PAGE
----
So the Real Fresh TV site is pretty much ready now to be unveiled now. Look out for our public launch some time next week. Till then we’ll be polishing the silverware and crafting incise commentary. Look out for more blog posts…
We’ve tweaked and tweaked and even changed web host to bring you a much improved site at realfresh.tv. And we are rightly proud of how good it looks.
Sincere apologies to all who got the dreaded Internal Server Error 500 page on visiting the site over the last few days. Hopefully, that’s all behind us now.
You’ll shortly be able to leave comments after videos, finally. The Video Upload page will also be up soon. More video changes on the way…
You will also be able to vote in polls and suchlike. Get involved. Tell us what you think.
Over the next few days I will be sharing why we’ve re-launched and where we are up to with our multi-platform content distribution plans.
It’s all very exciting!
In breaking news, Microsoft has out bid Google to buy a stake in Facebook.
Initial reaction at Real Fresh HQ:
Oh well. In the words of Aristotle:
“One swallow does not make a summer…”
Microsoft set out to prove that it has a strategy for catching up with Google in the online advertising wars and has proven this by spending more than Google was prepared to spend on Facebook.
Hurrah for Facebook!
They get lots of money from Microsoft to execute on their vision.
Google will carry on being Google, regardless. Show over. Give us something else to watch.
On a more serious note, it’s interesting that as social networks finally becomes mainstream, established content owners and content producers are standing by and letting technology companies buy up slices of what could become the dominant form of ‘online socialising’ and digital media consumption in years to come.
You doubt me? Facebook’s photo application is the biggest photo app in the world, according to web stats experts, comScore. Bigger than Flickr.
Their video app isn’t too shabby either.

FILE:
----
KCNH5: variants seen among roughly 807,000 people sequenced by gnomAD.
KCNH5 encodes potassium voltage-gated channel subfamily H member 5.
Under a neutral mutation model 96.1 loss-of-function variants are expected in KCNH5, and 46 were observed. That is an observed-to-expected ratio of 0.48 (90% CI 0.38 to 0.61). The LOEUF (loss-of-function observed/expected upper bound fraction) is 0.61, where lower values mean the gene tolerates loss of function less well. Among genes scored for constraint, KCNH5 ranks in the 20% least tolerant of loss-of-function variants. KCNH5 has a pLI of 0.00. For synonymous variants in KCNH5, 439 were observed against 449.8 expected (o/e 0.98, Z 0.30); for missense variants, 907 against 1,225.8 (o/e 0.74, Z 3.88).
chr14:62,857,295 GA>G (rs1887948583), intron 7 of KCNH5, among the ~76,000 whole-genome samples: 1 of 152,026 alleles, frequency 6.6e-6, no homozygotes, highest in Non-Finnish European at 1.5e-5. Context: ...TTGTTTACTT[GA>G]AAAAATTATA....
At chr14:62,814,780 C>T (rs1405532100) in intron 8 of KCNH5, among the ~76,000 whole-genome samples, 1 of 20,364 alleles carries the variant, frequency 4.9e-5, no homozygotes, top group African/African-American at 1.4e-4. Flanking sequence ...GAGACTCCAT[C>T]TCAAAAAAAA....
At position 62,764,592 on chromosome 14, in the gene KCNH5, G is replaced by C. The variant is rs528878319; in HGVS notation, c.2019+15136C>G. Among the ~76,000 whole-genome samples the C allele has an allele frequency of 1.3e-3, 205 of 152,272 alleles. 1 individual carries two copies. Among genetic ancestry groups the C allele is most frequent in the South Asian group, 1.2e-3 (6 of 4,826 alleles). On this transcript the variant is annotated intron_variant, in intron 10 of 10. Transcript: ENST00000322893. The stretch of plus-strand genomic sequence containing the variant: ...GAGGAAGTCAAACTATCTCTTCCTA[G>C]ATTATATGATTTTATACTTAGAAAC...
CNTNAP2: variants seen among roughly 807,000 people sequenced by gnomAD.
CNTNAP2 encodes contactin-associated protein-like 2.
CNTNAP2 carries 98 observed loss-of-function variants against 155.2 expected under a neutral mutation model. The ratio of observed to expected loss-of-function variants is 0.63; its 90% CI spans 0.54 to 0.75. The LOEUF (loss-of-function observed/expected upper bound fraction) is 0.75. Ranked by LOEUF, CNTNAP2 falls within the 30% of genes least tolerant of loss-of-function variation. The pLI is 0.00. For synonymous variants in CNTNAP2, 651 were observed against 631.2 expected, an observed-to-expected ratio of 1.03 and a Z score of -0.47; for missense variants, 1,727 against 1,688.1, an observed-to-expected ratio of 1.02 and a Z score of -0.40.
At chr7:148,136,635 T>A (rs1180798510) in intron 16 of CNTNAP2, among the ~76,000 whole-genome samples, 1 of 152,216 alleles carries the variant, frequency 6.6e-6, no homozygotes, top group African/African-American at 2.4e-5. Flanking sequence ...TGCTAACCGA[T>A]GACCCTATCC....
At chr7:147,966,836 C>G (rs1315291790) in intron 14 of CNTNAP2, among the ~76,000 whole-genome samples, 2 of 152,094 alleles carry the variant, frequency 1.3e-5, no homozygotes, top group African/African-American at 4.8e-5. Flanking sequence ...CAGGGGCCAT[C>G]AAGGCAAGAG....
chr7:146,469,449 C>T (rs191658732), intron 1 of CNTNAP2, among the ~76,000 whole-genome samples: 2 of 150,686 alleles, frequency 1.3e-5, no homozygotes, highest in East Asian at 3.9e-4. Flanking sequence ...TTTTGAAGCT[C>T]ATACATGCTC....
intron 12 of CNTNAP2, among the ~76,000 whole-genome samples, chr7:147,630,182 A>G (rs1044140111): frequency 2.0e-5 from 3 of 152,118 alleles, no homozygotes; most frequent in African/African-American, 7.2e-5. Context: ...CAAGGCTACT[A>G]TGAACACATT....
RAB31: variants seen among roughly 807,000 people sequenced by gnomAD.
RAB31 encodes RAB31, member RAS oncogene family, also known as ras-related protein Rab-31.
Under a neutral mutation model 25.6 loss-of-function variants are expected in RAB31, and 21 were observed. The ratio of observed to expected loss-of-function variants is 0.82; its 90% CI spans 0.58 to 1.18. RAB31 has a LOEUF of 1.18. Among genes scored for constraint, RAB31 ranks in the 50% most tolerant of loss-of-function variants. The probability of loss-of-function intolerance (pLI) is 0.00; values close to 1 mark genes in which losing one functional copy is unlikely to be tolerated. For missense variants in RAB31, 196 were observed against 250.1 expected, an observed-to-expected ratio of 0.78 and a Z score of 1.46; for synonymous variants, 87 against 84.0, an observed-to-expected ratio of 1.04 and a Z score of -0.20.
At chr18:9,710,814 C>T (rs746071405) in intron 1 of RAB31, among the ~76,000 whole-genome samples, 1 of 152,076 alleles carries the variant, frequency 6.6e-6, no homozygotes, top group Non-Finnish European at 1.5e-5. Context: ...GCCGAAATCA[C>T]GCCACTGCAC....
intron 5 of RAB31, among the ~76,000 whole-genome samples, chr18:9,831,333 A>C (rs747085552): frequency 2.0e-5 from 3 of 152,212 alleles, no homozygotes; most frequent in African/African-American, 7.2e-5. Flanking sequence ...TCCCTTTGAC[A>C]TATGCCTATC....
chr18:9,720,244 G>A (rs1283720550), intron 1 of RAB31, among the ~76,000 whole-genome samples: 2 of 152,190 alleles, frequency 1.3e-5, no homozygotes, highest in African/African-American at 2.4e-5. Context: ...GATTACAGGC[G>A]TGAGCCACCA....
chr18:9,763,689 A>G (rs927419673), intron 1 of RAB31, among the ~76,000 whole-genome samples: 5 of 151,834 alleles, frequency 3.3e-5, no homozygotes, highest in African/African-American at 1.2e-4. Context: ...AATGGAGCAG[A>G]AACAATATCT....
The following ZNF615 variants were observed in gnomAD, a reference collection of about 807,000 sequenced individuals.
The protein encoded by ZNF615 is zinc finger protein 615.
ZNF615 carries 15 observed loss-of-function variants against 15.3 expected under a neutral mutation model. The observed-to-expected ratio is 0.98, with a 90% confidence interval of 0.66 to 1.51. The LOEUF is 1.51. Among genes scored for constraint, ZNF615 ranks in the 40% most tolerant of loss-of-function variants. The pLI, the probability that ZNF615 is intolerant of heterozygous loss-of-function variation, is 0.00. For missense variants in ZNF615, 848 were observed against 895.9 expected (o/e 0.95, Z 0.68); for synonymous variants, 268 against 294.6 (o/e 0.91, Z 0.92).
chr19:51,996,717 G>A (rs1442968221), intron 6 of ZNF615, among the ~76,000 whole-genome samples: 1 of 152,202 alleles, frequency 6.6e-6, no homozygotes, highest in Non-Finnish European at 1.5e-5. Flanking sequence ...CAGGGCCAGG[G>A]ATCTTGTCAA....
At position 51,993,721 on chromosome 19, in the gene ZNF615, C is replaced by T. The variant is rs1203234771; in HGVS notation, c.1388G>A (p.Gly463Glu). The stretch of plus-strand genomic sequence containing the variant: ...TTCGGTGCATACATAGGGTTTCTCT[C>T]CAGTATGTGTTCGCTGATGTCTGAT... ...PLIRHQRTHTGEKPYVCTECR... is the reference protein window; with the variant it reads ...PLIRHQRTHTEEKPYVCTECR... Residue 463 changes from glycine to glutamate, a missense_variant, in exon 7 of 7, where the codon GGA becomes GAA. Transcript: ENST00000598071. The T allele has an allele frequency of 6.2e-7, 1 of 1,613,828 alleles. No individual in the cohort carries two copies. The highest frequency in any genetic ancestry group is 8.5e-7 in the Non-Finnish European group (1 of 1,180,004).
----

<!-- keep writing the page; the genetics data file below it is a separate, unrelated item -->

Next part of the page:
The virtual reconstruction of the social graph underpinning Facebook allows people to share content with others without evening thinking about it.
It’s the water cooler, transferred onto the web. Except that rather than having to mill around waiting for your boss to be out of earshot, you get a mini-feed of the office gossip (or last night’s TV) sent to you by your network of friends.
And it’s addictive.
So why isn’t everyone excited about social media?
It’s simple, really. Social networks are still considered ‘something for the kids’, a passing fad. This year it’s Facebook, last year it was MySpace…
This is wishful thinking.
Google and Microsoft haven’t slugged it out in an out-and-out bidding war for the latest online playground.
They were fighting to own a part of what could become the dominant way of sharing information with people you know online over the next few years.
And how much did Microsoft pay, you ask?
Only $240 million.
And for what?
Erm, 1.6% of Facebook.
Valuing Facebook at what?
Food for thought eh?
More ruminations like this in posts to come.
Like I said, this is just the beginning.
A fresh beginning…
What are your views? Do you think Google should have tried harder? Will a 2% stake in Facebook be a game changer for Microsoft’s online advertising strategy?
Leave your thoughts in the comments.